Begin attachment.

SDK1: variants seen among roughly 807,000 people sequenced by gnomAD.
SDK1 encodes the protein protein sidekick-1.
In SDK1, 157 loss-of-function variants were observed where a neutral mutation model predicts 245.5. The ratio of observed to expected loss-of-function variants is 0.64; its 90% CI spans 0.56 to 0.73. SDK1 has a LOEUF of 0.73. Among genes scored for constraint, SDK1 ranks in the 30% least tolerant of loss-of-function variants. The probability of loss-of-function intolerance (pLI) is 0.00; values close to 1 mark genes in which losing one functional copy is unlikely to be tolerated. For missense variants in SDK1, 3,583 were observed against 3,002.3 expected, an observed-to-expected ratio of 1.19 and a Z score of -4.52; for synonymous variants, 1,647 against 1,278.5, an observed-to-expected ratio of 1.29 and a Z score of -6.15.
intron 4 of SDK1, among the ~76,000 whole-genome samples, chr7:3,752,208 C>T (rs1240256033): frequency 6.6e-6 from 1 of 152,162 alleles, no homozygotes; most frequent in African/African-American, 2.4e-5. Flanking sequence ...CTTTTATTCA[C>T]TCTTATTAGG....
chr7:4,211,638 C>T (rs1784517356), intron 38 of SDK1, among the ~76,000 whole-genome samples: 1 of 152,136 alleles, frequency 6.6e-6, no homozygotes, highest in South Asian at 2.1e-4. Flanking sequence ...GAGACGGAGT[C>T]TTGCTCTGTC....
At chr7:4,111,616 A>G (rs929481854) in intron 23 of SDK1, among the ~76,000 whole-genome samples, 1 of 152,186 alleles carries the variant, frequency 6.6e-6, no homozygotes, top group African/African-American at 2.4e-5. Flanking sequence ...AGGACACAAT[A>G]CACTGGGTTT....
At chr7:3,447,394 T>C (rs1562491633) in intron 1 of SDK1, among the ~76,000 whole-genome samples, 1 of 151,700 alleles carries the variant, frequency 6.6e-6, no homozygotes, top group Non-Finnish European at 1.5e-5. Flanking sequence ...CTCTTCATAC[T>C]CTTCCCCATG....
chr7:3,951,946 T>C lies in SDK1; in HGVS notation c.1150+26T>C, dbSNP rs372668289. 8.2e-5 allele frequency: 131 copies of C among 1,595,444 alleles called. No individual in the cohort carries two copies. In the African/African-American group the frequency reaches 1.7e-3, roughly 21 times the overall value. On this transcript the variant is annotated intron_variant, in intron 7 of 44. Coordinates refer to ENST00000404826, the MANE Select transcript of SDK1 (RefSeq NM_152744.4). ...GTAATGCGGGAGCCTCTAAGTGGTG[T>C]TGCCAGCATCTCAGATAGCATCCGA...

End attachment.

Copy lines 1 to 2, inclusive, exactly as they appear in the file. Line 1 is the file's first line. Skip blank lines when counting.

SDK1: variants seen among roughly 807,000 people sequenced by gnomAD.
SDK1 encodes the protein protein sidekick-1.